When Paul was doing a run of PR for his album ‘Songs from the South’ and a new book of poetry, he came in to do an interview with Stuart for his weekly Dirt Music program on 2SR and the pair calculated they hadn’t spoken in 22 years.

“We live in different cities and we don’t move in the same circles. The last time I’d even seen him was when he was getting a gold record at the State Theatre in 1991.”

“Within five minutes of meeting up we slipped in to this very easy… a bit like the characters in ‘To Her Door’, you know? Will he know his children? Will it work out? Will it be OK?”

Stuart was adamant he was going to write a book that did not replicate Paul’s book and Paul was initially nervous about the whole thing – you can imagine – a former manager writing about the past.

“I didn’t go back and re-read his book,” Stuart said, “and I started to read all of the thousands of things that had been written about Paul and I thought I’m not going to do this either.”

“I wanted to talk about Paul Kelly’s world and all the people who’d inhabited that world. There is one quote from Helen Garner’s notebooks but everything else is completely new, including all of the conversations with Paul Kelly.”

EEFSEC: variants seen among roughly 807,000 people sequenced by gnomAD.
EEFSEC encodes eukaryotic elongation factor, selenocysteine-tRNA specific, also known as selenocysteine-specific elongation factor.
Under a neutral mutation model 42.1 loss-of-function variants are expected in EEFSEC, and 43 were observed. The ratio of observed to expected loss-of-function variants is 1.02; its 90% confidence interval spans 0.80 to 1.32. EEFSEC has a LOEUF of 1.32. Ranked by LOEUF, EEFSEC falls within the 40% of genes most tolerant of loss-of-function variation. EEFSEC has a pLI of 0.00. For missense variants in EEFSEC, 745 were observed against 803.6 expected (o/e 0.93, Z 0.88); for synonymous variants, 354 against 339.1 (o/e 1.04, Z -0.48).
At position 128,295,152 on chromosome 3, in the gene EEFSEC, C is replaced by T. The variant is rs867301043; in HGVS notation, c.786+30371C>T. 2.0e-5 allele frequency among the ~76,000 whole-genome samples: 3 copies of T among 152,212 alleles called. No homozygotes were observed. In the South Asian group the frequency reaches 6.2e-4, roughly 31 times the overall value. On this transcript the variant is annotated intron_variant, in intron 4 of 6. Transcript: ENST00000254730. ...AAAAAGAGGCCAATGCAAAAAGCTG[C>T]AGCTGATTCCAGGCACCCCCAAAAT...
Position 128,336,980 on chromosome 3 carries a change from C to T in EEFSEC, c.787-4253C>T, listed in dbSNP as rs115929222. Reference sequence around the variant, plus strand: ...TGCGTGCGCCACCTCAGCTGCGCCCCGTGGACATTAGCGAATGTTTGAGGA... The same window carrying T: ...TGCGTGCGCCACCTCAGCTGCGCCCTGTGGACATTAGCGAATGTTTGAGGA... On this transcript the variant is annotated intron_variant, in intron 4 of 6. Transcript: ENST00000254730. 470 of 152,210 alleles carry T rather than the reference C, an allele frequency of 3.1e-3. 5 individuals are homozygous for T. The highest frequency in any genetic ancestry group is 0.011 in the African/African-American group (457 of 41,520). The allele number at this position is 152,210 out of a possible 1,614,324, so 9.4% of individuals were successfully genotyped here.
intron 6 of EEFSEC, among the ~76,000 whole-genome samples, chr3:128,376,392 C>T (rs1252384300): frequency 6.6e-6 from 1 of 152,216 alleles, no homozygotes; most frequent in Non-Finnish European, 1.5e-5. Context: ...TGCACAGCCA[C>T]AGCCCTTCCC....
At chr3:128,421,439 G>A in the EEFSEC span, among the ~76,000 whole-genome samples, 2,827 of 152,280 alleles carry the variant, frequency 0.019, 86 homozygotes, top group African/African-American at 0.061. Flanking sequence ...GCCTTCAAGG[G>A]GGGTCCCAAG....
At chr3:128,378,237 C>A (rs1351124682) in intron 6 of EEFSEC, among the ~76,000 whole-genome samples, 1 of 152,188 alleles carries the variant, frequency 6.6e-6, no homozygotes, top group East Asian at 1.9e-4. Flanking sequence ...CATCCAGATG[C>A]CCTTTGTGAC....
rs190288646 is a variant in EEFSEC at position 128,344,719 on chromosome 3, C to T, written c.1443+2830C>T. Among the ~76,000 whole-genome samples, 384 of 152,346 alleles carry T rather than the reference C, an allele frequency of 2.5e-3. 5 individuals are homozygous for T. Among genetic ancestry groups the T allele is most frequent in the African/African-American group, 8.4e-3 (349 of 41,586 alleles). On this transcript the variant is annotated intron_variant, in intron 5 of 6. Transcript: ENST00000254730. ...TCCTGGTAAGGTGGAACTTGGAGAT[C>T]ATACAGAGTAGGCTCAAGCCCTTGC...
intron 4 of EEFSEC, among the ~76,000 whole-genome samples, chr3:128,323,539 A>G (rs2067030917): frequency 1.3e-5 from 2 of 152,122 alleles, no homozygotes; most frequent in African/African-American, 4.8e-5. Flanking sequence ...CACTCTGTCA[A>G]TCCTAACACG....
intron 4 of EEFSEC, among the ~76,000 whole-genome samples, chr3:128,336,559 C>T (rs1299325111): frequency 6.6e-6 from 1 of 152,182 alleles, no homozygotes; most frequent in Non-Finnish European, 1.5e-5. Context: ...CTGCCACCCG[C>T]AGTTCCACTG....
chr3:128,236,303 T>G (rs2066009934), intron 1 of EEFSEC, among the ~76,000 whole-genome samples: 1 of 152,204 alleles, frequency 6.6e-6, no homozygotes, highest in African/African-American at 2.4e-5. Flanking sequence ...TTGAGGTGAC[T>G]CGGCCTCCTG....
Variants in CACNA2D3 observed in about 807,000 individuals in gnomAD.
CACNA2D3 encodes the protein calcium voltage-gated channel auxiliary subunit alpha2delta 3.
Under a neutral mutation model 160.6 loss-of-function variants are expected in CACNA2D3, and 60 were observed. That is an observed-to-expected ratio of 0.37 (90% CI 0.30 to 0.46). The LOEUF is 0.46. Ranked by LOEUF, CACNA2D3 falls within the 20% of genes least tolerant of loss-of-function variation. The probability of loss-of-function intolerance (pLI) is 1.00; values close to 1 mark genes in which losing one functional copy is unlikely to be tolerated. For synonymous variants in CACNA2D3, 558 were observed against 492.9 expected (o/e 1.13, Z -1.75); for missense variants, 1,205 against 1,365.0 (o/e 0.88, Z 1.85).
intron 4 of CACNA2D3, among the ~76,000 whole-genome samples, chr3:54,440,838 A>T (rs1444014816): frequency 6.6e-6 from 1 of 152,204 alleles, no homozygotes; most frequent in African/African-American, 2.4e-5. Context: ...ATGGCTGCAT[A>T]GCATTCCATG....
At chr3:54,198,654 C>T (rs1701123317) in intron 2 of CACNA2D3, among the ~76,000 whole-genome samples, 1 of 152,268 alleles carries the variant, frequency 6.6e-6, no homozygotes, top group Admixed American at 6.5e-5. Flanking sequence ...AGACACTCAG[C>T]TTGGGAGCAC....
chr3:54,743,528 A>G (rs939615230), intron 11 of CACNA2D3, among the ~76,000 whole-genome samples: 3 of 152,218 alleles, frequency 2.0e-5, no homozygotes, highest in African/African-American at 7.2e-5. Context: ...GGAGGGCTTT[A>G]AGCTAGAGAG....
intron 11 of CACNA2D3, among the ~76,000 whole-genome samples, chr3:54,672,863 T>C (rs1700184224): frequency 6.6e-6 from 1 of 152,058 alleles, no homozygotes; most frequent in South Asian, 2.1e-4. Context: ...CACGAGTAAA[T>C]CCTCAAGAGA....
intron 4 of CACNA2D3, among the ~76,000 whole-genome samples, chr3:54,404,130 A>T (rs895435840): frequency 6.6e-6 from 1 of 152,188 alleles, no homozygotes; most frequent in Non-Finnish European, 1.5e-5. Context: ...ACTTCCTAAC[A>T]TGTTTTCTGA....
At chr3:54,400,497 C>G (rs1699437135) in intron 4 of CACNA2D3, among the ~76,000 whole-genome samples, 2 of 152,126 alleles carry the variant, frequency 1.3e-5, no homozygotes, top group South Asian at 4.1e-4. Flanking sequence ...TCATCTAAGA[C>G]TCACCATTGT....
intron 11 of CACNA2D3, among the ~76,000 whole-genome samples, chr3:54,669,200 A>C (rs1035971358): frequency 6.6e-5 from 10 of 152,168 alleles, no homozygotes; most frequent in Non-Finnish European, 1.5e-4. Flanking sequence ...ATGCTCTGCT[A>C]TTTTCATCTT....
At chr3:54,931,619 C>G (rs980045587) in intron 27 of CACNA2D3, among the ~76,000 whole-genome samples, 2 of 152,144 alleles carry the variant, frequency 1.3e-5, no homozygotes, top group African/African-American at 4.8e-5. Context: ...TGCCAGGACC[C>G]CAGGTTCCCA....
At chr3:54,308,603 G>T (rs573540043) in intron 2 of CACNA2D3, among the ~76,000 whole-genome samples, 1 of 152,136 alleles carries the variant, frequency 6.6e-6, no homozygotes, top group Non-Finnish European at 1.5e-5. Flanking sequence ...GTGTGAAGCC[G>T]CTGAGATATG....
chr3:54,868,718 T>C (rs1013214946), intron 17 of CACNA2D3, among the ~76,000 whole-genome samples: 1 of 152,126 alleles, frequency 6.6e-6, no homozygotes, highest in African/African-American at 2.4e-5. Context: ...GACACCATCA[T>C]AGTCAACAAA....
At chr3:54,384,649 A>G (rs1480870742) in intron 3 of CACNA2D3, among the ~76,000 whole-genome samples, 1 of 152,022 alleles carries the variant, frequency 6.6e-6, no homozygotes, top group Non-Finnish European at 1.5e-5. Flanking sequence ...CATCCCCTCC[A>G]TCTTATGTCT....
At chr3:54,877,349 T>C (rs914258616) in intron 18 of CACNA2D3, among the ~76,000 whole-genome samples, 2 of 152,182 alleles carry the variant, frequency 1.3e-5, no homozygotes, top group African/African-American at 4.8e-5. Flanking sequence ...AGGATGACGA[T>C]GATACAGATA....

“There is nothing in it that people have read before,” Stuart said.

And, as you might have guessed by now, Stuart was rather comprehensive in his approach. He found every existing member of the Dots, the Coloured Girls, the Messengers and anyone that’s ever played with one of Paul Kelly’s bands.

He interviewed Neil Finn, Don Walker, Archie Roach, Kev Carmody, Michael Gudinski, Deborah Conway, Renée Geyer, Paul Grabowski, Rachel Perkins and even some of Paul’s sisters.

“I’m hoping it sits comfortably alongside his book. And that people find value in reading both accounts of his career to date,” Paul said.

Of course the burning question on my lips is whether Paul has read the book and if so, what his response was. Stuart was quick to point out that it was never part of the deal that Paul would read the book and that he’s not the kind of author to do an ‘authorised’ account.

“But with someone so respected and with such a loyal fan base…” he trails off.

“He and I were getting on really well, he volunteered a lot more time for interviews than I was expecting and I thought ‘we’ve got a living subject here.’”